Single
Adult
Income11
Percent of the Federal Poverty Level Maximum Percent of Income Paid toward Second-Lowest Cost Silver Plan Maximum Monthly Premium Payment for Second-Lowest Cost Silver Plan
$11,670 100%12 2.01% $20
$17,505 150% 4.02% $59
$23,340 200% 6.34% $123
$29,175 250% 8.10% $197
$35,010 300% 9.56% $279
$40,845 350% 9.56% $325
$46,797 401% Not Applicable No Limit

Source: Applicable percentages for 2015 coverage are available at: www.irs.gov/pub/irs-drop/rp-14-37.pdf. The 2014 Federal Poverty Guidelines, used for premium tax credits for 2015 coverage, are at: http://aspe.hhs.gov/poverty/14poverty.cfm.

Many families may also be eligible for premium tax credits. For example, suppose a family with an income of $60,000 was shopping for Marketplace coverage for 2015 for all four family members. The family’s household income is equivalent to 252 percent of the FPL; therefore, the family’s premium is capped at 8.15 percent of income or no more than $407 per month for the benchmark second-lowest cost silver plan in its local area. If the premium for the second-lowest cost silver plan for the family is $805 per month, the family will receive a tax credit of $398, based on a premium after advance premium tax credits of $407 ($805 – $407 = $398). The family can apply its $398 premium tax credit toward the purchase of coverage in any metal level. Note that the maximum percent of household income paid toward the second-lowest silver plan is adjusted annually by a measure of the difference between premium growth and income growth.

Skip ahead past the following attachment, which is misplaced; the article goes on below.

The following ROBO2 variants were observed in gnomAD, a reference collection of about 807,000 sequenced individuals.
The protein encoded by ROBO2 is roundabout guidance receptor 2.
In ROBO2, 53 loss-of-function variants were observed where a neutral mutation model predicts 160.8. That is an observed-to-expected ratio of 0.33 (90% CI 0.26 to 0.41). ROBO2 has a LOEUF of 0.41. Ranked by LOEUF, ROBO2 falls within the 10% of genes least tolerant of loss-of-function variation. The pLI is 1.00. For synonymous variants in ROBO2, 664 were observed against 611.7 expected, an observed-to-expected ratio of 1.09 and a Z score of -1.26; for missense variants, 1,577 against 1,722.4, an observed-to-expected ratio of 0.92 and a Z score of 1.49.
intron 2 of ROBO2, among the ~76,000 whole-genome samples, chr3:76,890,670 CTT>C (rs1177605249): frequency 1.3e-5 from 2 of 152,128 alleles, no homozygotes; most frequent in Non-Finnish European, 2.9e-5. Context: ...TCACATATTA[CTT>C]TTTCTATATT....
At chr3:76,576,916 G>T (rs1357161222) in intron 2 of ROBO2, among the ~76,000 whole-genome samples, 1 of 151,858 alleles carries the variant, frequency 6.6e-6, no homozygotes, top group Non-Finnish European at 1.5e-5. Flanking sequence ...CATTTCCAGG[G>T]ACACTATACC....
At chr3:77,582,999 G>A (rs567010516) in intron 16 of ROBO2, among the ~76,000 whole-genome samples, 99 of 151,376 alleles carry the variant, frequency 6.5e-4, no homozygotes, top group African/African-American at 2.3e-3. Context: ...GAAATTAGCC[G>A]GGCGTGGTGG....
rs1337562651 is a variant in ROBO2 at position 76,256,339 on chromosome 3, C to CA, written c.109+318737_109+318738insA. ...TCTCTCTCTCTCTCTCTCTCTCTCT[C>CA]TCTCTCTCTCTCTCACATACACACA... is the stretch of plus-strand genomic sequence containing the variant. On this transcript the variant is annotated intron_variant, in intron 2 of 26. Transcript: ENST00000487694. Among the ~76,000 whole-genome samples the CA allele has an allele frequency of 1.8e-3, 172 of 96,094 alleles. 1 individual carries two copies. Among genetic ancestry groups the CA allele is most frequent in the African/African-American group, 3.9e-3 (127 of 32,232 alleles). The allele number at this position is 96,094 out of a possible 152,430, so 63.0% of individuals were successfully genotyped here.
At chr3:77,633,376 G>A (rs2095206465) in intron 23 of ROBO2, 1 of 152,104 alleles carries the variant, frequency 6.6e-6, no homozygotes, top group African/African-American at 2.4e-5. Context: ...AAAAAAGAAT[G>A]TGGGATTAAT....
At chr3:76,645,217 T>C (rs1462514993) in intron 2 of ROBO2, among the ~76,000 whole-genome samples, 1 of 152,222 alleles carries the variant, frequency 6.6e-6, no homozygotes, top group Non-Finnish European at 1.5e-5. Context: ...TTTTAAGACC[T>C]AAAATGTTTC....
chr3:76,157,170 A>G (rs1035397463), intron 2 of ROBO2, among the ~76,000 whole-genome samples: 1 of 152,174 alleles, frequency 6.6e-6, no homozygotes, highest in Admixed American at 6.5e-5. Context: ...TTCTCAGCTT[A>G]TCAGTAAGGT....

10 For more information on premium tax credits, see the Internal Revenue Service final rule on “Health Insurance Premium Tax Credit,” (Federal Register, May 23, 2012, vol., 77, no. 100, p. 30392; available at: http://www.gpo.gov/fdsys/pkg/FR-2012-05-23/pdf/2012-12421.pdf).
11 Income examples are based on the 2014 federal poverty guidelines for the continental United States. Alaska and Hawaii have higher federal poverty guidelines, which are not shown in this table.
12 In states expanding Medicaid, individuals and families at 100 percent of the FPL who are eligible for Medicaid coverage are not eligible for premium tax credits.
Program
Health Insurance Marketplace